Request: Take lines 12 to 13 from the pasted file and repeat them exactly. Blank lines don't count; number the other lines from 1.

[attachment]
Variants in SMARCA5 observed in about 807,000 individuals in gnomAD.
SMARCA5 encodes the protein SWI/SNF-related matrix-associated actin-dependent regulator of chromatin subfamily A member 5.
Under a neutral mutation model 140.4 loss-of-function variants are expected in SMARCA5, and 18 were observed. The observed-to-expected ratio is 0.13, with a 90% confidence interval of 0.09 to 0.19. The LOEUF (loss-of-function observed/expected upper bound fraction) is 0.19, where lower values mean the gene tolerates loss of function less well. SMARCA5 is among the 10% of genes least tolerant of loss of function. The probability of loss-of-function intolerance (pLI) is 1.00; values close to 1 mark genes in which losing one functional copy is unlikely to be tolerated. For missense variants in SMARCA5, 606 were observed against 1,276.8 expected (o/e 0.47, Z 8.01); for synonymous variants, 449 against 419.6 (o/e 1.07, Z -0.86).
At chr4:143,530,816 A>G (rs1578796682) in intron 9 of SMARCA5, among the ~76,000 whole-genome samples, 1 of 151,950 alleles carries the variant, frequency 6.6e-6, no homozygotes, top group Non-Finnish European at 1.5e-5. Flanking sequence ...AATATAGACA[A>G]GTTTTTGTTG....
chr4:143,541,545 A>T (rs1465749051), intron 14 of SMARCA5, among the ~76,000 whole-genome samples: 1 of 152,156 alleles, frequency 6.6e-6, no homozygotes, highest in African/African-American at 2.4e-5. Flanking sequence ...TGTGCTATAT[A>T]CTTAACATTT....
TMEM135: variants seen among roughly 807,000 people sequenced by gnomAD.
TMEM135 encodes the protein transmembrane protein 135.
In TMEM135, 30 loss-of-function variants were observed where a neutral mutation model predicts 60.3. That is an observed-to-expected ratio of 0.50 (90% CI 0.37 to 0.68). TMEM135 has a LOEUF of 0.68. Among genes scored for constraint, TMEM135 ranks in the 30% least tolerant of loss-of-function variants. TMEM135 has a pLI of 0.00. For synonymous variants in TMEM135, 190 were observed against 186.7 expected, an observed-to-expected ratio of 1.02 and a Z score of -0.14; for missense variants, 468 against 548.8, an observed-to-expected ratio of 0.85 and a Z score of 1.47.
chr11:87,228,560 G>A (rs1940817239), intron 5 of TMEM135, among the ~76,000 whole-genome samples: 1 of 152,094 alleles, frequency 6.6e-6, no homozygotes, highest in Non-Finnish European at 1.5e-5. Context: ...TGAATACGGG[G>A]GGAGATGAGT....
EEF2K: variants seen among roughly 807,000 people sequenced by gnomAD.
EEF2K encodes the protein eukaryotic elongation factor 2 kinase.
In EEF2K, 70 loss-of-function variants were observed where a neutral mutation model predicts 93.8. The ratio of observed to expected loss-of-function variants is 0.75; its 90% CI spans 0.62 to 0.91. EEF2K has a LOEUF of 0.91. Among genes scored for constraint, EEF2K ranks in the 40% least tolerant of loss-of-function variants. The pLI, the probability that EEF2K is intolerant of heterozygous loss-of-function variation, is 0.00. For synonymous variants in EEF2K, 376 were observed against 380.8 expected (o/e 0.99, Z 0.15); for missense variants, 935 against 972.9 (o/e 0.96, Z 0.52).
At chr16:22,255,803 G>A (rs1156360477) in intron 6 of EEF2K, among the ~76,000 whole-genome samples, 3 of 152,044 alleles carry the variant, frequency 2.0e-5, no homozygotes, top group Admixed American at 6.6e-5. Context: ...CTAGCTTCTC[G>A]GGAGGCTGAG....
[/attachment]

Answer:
In EEF2K, 70 loss-of-function variants were observed where a neutral mutation model predicts 93.8. The ratio of observed to expected loss-of-function variants is 0.75; its 90% CI spans 0.62 to 0.91. EEF2K has a LOEUF of 0.91. Among genes scored for constraint, EEF2K ranks in the 40% least tolerant of loss-of-function variants. The pLI, the probability that EEF2K is intolerant of heterozygous loss-of-function variation, is 0.00. For synonymous variants in EEF2K, 376 were observed against 380.8 expected (o/e 0.99, Z 0.15); for missense variants, 935 against 972.9 (o/e 0.96, Z 0.52).
At chr16:22,255,803 G>A (rs1156360477) in intron 6 of EEF2K, among the ~76,000 whole-genome samples, 3 of 152,044 alleles carry the variant, frequency 2.0e-5, no homozygotes, top group Admixed American at 6.6e-5. Context: ...CTAGCTTCTC[G>A]GGAGGCTGAG....